If you open a representative office in Taiwan, what is deemed to be work? Do you have a link to MOEA?

Also if you have an ARC already and register the representative office in your name, is it assumed by Taiwan Immigration that you are doing some kind of work here?

If you open a representative office in Taiwan, can you open a local bank account and use it to make payments to local staff and suppliers, or does all of this have to happen from overseas? I did a google search for "representative office in China" and they were quite clear about what constitutes a representative office, and also what those representatives are able to do.
TIA


#27

The legal issue with a rep. office is not whether or not you can work (since of course you will be working for your parent company as representative in Taiwan) but what work you can do. For example, you can't set up a rep. office then proceed to work as a plumber or car mechanic or teacher under that ARC. A rep. office is designed as a legal way for a foreign company to have a 'go-between' in Taiwan. It's great for importers, exporters etc. but no use for storefronts etc.

There is no such reporting that I know of between MOEA and NIA. However there is no point setting up a rep office unless you want an ARC from your company and a rep. office setup allows you to do what you need. If you just want a company while maintaining 'gray' visa status then you are better off with a regular Taiwanese company (企業社).

Yes, you can open a bank account in the name of your rep. office. Your rep. office can employ (local) staff and NHI/insurance works just like a regular company. Your parent company can remit funds to the rep. office for paying its staff and generally maintaining the office.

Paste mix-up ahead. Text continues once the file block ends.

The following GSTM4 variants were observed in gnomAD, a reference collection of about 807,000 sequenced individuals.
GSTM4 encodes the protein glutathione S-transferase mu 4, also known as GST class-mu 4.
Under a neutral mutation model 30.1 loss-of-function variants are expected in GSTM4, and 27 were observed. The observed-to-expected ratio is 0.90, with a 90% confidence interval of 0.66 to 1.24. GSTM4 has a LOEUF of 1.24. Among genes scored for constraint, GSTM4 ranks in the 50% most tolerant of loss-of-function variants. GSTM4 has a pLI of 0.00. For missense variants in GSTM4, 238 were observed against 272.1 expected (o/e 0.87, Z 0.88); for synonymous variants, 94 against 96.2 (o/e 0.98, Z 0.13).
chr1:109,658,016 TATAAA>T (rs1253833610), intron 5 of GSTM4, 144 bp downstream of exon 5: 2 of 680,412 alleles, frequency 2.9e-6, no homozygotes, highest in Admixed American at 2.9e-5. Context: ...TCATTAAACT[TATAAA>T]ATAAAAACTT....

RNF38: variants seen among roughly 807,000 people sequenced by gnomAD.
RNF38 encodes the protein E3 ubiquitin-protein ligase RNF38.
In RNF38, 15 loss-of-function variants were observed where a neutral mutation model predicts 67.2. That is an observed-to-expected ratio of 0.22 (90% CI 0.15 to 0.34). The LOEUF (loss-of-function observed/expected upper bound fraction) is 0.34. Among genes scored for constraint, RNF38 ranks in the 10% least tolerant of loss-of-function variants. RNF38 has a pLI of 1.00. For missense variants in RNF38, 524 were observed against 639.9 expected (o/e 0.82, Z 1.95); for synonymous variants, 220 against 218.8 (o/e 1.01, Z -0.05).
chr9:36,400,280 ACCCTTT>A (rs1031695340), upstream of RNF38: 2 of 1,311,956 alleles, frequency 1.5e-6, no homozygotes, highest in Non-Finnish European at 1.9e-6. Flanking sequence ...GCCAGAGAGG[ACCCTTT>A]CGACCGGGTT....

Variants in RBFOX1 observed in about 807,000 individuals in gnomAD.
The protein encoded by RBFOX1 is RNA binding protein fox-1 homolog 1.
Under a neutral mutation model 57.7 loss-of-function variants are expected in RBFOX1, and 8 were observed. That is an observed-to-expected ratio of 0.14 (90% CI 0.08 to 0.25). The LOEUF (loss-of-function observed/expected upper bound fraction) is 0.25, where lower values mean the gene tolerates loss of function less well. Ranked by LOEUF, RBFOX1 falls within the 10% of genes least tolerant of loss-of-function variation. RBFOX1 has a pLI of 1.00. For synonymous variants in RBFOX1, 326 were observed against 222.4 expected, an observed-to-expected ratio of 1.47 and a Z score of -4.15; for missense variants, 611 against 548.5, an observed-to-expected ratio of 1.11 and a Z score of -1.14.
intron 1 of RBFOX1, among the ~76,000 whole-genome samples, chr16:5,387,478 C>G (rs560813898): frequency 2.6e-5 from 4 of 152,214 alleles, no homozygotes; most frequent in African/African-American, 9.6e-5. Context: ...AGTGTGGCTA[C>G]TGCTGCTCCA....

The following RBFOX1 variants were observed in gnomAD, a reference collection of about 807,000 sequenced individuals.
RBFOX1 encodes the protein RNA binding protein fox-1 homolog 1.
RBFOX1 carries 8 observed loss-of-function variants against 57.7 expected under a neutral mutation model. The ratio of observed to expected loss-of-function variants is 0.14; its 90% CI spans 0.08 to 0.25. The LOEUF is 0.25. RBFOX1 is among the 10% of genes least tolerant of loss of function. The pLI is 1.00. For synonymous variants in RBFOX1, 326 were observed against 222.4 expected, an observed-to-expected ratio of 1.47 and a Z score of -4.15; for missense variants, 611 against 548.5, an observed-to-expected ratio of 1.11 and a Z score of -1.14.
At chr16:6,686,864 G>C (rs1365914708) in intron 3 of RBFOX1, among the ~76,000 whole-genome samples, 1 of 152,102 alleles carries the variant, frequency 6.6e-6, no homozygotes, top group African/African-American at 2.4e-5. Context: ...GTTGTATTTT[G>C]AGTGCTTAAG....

Your rep. office is not able to issue invoices which restricts what you can do. For example if you buy widgets in Taiwan and sell to the USA, you would have a parent company in the USA which buys directly from the Taiwanese supplier. As representative you can sign all the contracts, check product quality, handle export documentation etc. but you would not be able to sell those widgets on to local companies or individuals.


#28

Can anyone help with a question about dependents' visas? I've read both this and the rep. office thread through (thanks for all the useful information!) but I couldn't find the subject of dependents mentioned.
My husband has had his own limited company for many years here in the UK and works as a consultant in the IT world internationally, so it seems to me we have a choice about whether to set up as a rep. office or to move his company to Taiwan. But where does that leave me and our boy? Can we piggy back on his ARC or do we have to apply for visas independently.
I don't mind applying for a student visa or I could even work as an English teacher (experienced & qualified) but I'd rather not be forced into either option. Also, we need an ARC in order to enrol our boy in an international school before we arrive, so really we need to do it all from here, ahead of arrival.
Any suggestions please?


#29

Heh. When I went to the Investment Commission to cancel my investment the guy was like "weren't you here a couple of months ago?"

I explained to him my accountant got it wrong and he said "well I could have told you that!"

Say no more!


#30

So, if i have the $500k NT investment, but I really dont need that much for what I am thinking about opening (a franchise juice/tea stand), can I just have the money in a Taiwan bank in Canadian dollars to show the govt that I have the backing.

I was thinking about buying a condo in Taiwan, and would need the money afterward.


#31